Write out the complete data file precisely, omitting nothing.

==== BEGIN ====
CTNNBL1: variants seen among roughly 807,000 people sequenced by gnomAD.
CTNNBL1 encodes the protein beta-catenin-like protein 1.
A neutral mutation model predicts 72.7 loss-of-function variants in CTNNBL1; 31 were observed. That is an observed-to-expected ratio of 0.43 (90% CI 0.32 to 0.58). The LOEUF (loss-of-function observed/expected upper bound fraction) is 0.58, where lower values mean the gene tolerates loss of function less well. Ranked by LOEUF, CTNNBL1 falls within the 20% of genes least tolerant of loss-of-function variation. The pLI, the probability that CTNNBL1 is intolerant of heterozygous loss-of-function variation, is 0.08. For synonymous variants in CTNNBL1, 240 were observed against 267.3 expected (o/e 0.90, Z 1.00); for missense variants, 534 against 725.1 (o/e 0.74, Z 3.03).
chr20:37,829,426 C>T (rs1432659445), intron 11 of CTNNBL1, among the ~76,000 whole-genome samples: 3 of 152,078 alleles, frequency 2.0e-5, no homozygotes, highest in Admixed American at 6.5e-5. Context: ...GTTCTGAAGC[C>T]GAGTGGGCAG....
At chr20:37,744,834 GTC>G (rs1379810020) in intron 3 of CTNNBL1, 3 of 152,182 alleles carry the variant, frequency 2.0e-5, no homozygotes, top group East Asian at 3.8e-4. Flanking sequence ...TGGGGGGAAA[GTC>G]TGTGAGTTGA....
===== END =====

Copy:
CTNNBL1: variants seen among roughly 807,000 people sequenced by gnomAD.
CTNNBL1 encodes the protein beta-catenin-like protein 1.
A neutral mutation model predicts 72.7 loss-of-function variants in CTNNBL1; 31 were observed. That is an observed-to-expected ratio of 0.43 (90% CI 0.32 to 0.58). The LOEUF (loss-of-function observed/expected upper bound fraction) is 0.58, where lower values mean the gene tolerates loss of function less well. Ranked by LOEUF, CTNNBL1 falls within the 20% of genes least tolerant of loss-of-function variation. The pLI, the probability that CTNNBL1 is intolerant of heterozygous loss-of-function variation, is 0.08. For synonymous variants in CTNNBL1, 240 were observed against 267.3 expected (o/e 0.90, Z 1.00); for missense variants, 534 against 725.1 (o/e 0.74, Z 3.03).
chr20:37,829,426 C>T (rs1432659445), intron 11 of CTNNBL1, among the ~76,000 whole-genome samples: 3 of 152,078 alleles, frequency 2.0e-5, no homozygotes, highest in Admixed American at 6.5e-5. Context: ...GTTCTGAAGC[C>T]GAGTGGGCAG....
At chr20:37,744,834 GTC>G (rs1379810020) in intron 3 of CTNNBL1, 3 of 152,182 alleles carry the variant, frequency 2.0e-5, no homozygotes, top group East Asian at 3.8e-4. Flanking sequence ...TGGGGGGAAA[GTC>G]TGTGAGTTGA....